Parents: Don’t Worry About Tongue-Tie Surgery (Here’s Everything You Need to Know)
If your baby has been diagnosed with ankyloglossia, don’t worry! More commonly known as “tongue-tie,” this condition occurs between approximately 4-10% of the population, according to the American Academy of Pediatric Dentistry (AAPD). While tongue-tie can disrupt breastfeeding and appropriate intake of food for babies, a simple tongue-tie surgery (also referred to as a frenectomy)—performed in the comfort of our dental office—can correct the condition.
At Newtown Dentistry our board-certified dentist Dr. Christine Landes (or “Dr. Chris” as she’s known around here) specializes in pediatric dental care, with years of experience in lip- and tongue-tie surgery procedures. Parents can rest assured knowing their little one is in the best, most capable, and caring hands.
When a baby has ankyloglossia or tongue-tie it means that he/she has been born with a congenital condition where the tight band of tissue (called the lingual frenulum) remains attached to the bottom of the tongue. Because the tongue is “stuck” to the floor of the mouth, it can cause a variety of breastfeeding problems for baby and mom, which include:
Difficulties “latching on”
Issues with baby spitting up, choking, and/or reflux
Breast-milk leaking or poor breast drainage
Nipple pain, thrush, and/or mastitis
Additionally, some babies may also experience premature weaning and problems gaining weight.
How Does Tongue-Tie Surgery Work?
To help free restrictions of tongue movement and alleviate tongue-tie, Dr. Chris performs a completely safe and effective tongue-tie laser surgery procedure. As we mentioned earlier, this process can be performed in the comfort of our dental office. Additionally, because Dr. Chris utilizes a minimally-invasive LightScapel CO2 laser, there are essentially little to no tongue tie surgery side effects. In fact, parents feel more at ease when they learn that laser tongue-tie surgery:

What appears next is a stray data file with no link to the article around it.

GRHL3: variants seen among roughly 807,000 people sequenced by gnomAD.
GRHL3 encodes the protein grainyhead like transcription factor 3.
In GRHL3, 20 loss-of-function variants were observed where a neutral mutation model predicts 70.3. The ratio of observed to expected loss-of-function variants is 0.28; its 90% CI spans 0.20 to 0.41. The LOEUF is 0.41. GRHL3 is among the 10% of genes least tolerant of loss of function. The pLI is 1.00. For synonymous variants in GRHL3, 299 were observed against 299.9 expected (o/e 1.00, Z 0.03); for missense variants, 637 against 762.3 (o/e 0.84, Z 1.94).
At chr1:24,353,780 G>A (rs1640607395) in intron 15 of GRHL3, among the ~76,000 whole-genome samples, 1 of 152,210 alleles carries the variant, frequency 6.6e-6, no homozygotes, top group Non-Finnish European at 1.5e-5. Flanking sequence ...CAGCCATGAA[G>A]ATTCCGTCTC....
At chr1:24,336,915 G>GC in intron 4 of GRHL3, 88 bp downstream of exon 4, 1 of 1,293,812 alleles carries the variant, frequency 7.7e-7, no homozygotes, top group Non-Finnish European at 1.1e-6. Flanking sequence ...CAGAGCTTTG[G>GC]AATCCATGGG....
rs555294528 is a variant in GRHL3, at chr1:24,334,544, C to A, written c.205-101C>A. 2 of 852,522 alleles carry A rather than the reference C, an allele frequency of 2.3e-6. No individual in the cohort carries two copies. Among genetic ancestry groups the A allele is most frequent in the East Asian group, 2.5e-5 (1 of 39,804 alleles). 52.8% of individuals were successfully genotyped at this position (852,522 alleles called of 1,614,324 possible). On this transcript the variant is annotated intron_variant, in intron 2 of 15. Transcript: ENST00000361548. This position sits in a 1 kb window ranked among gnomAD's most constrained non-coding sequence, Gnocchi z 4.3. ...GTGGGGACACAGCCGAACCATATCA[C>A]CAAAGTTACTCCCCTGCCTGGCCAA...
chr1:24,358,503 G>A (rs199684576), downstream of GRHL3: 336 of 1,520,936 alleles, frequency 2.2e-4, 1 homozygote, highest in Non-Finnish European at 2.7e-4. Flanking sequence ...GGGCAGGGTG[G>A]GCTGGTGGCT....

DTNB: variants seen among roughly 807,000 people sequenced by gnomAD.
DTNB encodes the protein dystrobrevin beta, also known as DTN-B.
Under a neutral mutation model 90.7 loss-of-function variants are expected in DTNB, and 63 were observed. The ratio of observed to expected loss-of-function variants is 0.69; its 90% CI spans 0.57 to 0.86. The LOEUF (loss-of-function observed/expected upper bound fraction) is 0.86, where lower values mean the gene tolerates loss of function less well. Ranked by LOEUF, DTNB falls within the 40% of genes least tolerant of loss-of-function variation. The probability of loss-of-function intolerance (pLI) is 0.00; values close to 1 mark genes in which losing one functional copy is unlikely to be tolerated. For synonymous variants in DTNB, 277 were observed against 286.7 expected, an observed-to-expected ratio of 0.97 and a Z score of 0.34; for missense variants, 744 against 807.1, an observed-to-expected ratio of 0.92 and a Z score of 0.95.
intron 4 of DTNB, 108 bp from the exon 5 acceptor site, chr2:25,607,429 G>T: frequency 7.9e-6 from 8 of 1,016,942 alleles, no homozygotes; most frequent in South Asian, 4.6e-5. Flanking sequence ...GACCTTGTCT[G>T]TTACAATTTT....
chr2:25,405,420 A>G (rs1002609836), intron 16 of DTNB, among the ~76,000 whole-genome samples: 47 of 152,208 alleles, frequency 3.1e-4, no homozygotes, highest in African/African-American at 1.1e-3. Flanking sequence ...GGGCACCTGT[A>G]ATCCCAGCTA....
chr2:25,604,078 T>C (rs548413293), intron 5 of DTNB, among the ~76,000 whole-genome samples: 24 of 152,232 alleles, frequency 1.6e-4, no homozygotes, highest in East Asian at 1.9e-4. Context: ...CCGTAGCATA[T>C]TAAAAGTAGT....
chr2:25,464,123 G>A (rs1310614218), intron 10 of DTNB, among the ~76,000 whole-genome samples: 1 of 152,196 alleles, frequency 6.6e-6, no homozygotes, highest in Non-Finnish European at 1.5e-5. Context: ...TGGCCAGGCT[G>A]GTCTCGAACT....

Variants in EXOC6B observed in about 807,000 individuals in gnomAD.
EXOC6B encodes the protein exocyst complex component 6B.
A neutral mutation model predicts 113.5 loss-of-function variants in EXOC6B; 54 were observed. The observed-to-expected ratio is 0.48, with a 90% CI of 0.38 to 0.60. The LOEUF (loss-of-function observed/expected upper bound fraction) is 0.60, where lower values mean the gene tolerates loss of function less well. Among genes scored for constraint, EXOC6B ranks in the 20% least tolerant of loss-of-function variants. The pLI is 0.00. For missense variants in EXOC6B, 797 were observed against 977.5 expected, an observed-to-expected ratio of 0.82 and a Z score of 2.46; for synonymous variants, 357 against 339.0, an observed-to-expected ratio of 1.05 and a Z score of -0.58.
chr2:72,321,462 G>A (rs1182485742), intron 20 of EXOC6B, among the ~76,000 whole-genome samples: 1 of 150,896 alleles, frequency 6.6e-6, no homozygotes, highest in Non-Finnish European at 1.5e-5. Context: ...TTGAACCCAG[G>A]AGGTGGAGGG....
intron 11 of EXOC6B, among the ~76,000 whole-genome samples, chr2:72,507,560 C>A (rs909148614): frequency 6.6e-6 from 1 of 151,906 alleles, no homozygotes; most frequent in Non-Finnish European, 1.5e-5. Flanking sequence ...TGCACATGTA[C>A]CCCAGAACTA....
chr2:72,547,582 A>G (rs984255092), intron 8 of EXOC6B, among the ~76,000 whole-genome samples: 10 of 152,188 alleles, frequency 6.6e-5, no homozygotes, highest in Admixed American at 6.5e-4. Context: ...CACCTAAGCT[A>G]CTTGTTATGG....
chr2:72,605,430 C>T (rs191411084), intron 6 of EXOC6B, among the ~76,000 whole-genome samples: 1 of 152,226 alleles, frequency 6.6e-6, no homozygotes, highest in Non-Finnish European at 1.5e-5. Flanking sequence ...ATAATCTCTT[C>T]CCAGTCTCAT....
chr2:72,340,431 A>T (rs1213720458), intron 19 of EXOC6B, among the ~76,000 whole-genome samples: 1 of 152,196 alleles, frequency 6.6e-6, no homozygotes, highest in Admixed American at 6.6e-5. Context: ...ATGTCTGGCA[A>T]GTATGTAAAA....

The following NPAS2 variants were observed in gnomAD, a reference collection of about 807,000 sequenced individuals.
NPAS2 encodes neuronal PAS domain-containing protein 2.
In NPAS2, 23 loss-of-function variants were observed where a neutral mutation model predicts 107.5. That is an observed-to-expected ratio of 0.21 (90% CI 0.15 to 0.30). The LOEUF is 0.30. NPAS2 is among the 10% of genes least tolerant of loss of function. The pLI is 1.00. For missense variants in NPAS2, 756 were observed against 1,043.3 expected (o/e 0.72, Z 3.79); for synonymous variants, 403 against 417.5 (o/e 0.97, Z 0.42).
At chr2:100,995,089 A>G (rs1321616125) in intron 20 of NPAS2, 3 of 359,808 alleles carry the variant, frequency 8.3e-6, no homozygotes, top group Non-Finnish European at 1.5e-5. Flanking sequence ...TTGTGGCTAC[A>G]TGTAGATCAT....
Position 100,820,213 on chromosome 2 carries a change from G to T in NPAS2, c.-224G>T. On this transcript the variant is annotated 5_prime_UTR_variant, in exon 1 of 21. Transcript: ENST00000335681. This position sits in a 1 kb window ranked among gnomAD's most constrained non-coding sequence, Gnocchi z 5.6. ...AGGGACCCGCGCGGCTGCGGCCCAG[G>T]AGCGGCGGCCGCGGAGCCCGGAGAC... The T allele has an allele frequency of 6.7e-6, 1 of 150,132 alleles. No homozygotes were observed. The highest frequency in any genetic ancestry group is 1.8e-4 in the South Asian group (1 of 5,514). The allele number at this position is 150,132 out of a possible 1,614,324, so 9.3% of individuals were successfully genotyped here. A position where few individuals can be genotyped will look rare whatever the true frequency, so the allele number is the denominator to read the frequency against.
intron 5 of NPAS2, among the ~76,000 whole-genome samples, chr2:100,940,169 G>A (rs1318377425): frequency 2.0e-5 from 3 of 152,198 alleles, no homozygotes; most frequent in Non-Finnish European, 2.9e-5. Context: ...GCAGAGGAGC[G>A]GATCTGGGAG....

Is easy and quick to perform
Has no bleeding involved
Has a reduced risk of infection
Has a rapid recovery time
Does not require sedation
To help your baby recover from a tongue-tie procedure, you may be guided on how to perform special tongue exercises. Complete healing may take up to a few weeks, but you can resume breastfeeding your baby immediately following laser tongue-tie surgery. In fact, because of the healing properties of breast milk, it will help aid the recovery process.
Is There an Optimal Tongue-tie Surgery Age?
A tongue-tie surgery can be performed on infants all the way through to people in adulthood. Having the procedure done during infancy, however, can help eliminate breastfeeding issues and result in weight-gain issues for babies. It can also help eliminate the need for an older child to work with a speech-language pathologist to improve speech due to tongue-tie.
If you would like to learn more about tongue-tie surgery, we are here for you! From your first phone call with us to entering our warm and welcoming dental home, you’ll soon see how much we love working with families and babies! We treat each child as if they were one of our own (and many of us do have children!)
Keep up with the latest Newtown Dentistry news, adventures, dental tips, and more. With upwards of two decades in providing excellence in dental care to children and adults, Dr. Chris Landes and her talented and skilled dental colleagues share a variety of resources you won’t want to miss.
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